Political sources in Harare say Zimbabwean President Robert Mugabe, Prime Minister Morgan Tsvangirai and Deputy Prime Minister Arthur Mutambara have made breakthroughs on some of the issues causing discord within the country's government of national unity.
Sources in Mr. Mugabe's ZANU-PF party and both formations of the Movement for Democratic Change - the dominant one led by Mr. Tsvangirai, the other by Mutambara - told VOA that a statement on agreements reached and outstanding issues will be issued Thursday.
Sources privy to the talks said Mutambara has been assigned to issue the statement. The principals are said to have met on Tuesday to reach the latest agreements.
The sources said accord was reached regarding the appointments of provincial governors, ambassadors and ministerial permanent secretaries. Mr Mugabe has reportedly agreed to allow Roy Bennett of Tsvangirai's MDC to be sworn in as deputy agriculture minister.
However, Information Ministry Permanent Secretary George Charamba, often a spokesman for Mr. Mugabe, was said to have handed the media late Wednesday a list of permanent secretaries said to have been re-appointed by President Mugabe.
Political sources said Mr. Mugabe has refused to budge on the most important issues on the table including the leadership of the Reserve Bank of Zimbabwe, now governed by Mugabe crony Gideon Gono, and the Office of the Attorney General, held by Johannes Tomana.
Political sources said a technical team has been formed to deal with outstanding issues.
News of these developments emerged after Mr. Tsvangirai's MDC said Sunday it would ask the Southern African Development Community and the African Union, guarantors of the unity government formed in February, to step in to arbitrate on lingering divisive issues.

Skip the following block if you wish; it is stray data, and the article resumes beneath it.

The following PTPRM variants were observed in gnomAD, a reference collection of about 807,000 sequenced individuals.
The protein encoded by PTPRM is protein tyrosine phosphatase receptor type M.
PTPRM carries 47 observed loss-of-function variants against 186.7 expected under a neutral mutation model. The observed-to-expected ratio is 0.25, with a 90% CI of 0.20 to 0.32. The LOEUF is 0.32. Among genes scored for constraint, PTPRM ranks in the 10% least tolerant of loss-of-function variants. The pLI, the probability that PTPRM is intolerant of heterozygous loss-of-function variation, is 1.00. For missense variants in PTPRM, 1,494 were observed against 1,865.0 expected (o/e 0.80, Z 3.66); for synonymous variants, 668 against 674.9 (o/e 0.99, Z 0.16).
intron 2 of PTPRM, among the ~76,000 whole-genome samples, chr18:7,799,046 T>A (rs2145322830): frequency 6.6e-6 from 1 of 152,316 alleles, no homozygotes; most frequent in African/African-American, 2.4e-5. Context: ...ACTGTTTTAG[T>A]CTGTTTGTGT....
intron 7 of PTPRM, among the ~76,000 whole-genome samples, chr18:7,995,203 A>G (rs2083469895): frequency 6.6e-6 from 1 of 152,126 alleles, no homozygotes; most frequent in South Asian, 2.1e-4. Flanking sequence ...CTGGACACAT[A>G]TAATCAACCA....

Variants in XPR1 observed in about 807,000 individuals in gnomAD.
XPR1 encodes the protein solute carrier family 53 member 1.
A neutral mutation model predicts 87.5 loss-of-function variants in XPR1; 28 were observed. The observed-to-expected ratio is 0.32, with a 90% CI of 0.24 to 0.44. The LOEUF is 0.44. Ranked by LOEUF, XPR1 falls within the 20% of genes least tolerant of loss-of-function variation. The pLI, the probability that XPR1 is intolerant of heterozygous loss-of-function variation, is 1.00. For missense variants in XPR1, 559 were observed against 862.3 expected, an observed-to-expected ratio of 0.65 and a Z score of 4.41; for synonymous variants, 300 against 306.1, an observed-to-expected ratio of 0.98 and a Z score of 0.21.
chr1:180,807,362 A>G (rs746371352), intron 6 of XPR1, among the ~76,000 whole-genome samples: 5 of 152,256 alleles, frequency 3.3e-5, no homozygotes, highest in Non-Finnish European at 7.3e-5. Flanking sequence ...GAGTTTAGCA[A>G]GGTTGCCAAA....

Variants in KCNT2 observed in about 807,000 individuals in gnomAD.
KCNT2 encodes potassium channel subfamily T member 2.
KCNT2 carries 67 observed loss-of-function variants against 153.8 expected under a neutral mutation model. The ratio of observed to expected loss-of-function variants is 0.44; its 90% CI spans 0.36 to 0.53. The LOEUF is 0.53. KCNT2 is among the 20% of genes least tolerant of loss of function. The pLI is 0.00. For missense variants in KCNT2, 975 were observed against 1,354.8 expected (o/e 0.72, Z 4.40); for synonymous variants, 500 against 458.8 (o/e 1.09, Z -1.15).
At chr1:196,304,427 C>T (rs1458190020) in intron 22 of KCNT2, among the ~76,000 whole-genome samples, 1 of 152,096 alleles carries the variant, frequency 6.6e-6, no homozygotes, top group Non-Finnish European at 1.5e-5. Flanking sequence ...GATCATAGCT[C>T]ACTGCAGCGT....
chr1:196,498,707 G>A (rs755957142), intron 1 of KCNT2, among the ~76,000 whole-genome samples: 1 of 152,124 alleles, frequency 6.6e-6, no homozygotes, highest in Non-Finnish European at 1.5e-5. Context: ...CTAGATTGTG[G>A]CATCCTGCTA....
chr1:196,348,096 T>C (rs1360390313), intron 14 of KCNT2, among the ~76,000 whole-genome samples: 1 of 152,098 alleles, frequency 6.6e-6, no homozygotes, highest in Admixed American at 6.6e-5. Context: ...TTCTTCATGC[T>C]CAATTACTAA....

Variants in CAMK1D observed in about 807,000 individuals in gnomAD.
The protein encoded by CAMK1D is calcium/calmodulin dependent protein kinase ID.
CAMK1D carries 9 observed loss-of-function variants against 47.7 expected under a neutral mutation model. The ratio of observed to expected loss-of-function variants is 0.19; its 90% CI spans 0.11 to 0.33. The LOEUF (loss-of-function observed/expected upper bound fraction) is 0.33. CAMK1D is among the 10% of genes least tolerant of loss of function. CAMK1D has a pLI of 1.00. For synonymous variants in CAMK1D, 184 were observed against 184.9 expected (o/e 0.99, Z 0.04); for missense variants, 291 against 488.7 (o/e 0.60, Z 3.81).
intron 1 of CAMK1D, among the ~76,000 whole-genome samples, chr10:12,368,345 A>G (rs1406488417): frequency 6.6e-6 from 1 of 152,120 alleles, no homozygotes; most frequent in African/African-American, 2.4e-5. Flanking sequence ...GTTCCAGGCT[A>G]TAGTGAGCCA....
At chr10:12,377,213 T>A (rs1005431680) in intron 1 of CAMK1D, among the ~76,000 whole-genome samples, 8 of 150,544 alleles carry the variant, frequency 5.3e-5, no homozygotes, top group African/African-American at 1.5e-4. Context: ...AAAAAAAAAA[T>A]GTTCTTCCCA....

Minister of State Gorden Moyo, attached to Mr. Tsvangirai's office, told VOA reporter Blessing Zulu that a major announcement will be made on Thursday.
Meanwhile, the cash-strapped Harare government was pulling out all stops to attract budget support which it says is indispensable for its survival.
Mr. Tsvangirai has declared that the government is broke and Finance Minister Tendai Biti has warned that the government is on the verge of collapse.
So far the Harare government has raised just US$35 million to fund its operations, though it needs US$2 billion to cover the state payroll and 2009 general operations.
It has been reaching out to possible donors, but the World Bank and other donors although funding a number of initiatives are bypassing the government, partly due to Harare's failure to replace Gideon Gono at the Reserve Bank and overhaul the institution.
Ambassador Sten Rylander of Sweden, which will hold the European Union presidency as of July, said Harare is in talks with Stockholm about normalizing relations with the EU.
Though donors are not providing major funding, the multilateral financial institutions have been stepping up their involvement, with an IMF technical team in town since Monday.
Finance Minister Biti said an African Development Bank team is doing similar work.
Economist Prosper Chitambara of the Labor and Economic Development Research Institute of Zimbabwe says sweeping reforms must be put in place before funds will come to Harare.